- Require that, when routing calls to rural areas, intermediate providers actively monitor the performance of any directly contracted downstream intermediate provider and, based on the results of such monitoring, take steps to address any identified performance issues with that provider.
- Require intermediate providers to ensure that any additional intermediate providers to which they hand off calls are registered with the FCC.
- Provide an exception to the new service quality standards for intermediate providers that qualify for the covered provider safe harbor in the FCC’s existing rules.
The new service quality standards would go into effect six months from the date that the order is released or 30 days after publication of a summary of the order in the Federal Register, whichever is later. The order would transition to the new service quality standards by sunsetting the existing call data recording and retention rules one year after the new standards become effective.
The order would not require carriers to comply with particular ATIS best practices but would encourage them to do so. As such, compliance with the Best Practices would be treated as a safe harbor demonstrating compliance with the service quality standards and the intermediate provider monitoring requirements.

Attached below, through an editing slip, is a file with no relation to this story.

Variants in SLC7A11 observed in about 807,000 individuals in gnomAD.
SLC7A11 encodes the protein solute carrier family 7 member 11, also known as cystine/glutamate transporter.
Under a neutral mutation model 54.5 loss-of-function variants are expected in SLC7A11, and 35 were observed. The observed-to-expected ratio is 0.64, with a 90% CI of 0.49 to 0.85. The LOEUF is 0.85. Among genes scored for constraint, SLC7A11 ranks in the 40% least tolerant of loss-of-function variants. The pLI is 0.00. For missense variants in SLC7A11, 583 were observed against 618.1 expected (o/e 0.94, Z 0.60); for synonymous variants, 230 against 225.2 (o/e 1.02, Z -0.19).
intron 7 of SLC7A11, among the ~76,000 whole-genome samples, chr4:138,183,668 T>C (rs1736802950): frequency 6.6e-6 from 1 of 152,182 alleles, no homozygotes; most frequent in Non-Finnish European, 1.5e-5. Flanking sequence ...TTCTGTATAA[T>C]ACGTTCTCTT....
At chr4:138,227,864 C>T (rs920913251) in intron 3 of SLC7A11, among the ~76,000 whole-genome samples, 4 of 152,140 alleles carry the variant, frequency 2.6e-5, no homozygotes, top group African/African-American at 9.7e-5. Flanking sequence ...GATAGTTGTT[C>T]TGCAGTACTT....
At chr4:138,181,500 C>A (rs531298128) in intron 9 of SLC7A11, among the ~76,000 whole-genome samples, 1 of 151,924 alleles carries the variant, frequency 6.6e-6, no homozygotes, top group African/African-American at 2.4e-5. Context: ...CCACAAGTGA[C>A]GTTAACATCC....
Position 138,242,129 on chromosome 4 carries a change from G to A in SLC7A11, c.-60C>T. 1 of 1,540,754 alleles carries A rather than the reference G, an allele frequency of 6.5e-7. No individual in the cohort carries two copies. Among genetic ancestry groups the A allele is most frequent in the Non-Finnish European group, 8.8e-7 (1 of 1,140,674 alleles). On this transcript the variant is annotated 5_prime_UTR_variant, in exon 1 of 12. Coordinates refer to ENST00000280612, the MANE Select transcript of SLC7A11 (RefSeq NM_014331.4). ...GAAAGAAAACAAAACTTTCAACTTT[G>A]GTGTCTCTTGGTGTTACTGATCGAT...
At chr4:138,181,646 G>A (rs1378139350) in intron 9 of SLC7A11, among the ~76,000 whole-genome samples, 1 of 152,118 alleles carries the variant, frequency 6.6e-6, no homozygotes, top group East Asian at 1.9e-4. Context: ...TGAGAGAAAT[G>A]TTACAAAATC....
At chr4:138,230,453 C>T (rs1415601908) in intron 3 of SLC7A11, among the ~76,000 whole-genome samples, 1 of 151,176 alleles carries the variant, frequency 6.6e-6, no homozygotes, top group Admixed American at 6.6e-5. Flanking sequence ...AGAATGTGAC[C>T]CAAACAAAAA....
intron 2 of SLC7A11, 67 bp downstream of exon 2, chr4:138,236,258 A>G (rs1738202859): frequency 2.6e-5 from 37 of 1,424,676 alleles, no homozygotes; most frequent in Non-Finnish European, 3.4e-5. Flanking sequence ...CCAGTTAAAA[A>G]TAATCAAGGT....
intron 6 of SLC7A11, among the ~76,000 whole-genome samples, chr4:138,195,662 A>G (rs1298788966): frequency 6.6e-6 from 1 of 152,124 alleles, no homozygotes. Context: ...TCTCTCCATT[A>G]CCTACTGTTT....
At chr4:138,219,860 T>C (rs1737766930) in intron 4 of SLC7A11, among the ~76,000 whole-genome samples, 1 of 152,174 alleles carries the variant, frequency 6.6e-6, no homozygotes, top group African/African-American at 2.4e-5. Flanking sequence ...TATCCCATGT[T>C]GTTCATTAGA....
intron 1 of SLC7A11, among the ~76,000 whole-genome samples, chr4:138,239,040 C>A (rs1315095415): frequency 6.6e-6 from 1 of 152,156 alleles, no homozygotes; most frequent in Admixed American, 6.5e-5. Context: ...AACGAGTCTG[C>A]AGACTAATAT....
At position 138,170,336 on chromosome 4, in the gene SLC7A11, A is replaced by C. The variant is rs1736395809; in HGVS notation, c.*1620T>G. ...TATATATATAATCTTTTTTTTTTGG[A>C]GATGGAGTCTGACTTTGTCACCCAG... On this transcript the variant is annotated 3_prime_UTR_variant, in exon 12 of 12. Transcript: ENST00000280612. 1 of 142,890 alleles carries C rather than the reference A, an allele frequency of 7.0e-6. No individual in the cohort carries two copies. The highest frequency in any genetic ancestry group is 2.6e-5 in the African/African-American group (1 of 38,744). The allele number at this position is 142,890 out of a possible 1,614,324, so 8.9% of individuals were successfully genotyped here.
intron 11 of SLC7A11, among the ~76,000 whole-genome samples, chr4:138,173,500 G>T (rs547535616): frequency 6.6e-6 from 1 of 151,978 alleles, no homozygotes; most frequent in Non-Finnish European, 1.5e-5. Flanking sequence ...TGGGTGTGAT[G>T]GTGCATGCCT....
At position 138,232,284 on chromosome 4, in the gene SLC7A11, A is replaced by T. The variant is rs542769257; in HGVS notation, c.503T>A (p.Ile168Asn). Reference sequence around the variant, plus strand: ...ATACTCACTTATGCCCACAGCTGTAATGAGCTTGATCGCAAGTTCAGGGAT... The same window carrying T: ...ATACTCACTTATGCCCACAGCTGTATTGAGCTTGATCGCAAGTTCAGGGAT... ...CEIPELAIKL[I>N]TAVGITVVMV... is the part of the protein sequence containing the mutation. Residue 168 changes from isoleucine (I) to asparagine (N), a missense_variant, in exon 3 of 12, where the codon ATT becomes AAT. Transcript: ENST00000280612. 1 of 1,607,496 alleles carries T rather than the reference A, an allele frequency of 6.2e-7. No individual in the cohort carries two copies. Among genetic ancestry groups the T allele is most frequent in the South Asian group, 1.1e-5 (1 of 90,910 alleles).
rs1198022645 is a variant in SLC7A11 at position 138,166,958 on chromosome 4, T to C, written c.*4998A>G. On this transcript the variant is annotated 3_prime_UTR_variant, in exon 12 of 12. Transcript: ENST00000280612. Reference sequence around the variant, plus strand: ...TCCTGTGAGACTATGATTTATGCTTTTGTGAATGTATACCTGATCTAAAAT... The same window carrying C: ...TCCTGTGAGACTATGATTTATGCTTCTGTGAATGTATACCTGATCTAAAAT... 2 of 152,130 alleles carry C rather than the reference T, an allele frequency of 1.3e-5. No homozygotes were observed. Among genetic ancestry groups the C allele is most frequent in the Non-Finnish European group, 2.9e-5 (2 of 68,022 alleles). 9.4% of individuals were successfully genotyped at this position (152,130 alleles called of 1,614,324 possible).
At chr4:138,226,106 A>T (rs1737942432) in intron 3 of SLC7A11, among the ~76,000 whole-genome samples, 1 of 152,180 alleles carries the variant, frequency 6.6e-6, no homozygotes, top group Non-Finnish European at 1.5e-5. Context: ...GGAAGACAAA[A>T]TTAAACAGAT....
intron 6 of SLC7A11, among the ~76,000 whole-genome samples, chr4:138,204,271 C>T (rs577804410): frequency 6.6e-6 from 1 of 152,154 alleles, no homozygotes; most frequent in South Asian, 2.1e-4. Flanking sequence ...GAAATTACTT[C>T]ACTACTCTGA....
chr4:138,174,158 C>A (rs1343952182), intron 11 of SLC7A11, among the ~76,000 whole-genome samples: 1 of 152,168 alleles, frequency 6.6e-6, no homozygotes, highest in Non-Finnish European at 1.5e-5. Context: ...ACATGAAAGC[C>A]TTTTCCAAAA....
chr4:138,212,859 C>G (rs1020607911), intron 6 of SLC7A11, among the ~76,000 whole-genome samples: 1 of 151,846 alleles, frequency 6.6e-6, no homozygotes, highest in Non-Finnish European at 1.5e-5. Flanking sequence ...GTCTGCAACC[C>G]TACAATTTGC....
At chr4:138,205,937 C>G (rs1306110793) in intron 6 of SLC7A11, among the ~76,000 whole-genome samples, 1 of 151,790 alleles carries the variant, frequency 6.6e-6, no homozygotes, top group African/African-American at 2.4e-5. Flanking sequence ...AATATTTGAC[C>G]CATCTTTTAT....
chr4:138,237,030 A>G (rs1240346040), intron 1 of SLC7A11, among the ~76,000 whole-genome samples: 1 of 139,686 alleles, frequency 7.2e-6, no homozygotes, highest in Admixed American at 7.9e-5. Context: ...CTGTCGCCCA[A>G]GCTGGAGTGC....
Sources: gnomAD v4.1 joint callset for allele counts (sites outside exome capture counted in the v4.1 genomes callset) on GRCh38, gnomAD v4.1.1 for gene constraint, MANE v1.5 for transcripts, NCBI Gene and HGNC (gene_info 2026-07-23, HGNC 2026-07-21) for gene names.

Wireless E911 Location Accuracy Requirement: This item builds on the FCC’s ongoing efforts to improve its wireless E911 location accuracy rules. It is intended to allow 911 call centers and first responders to more accurately identify the floor level for most wireless 911 calls made from multi-story buildings. The Further Notice would:
- Specify a vertical location accuracy metric (z-axis) of plus or minus 3 meters for 80% of indoor wireless E911 calls.
- Tentatively find that a z-axis metric of 3 meters would be sufficiently accurate to identify the caller’s floor level in most cases, and technically feasible within the timeframes specified in the rules.
- Tentatively find that the 5-meter metric proposed by the nationwide wireless providers would not be sufficiently precise to meet public safety needs.
The new requirements would be implemented as follows: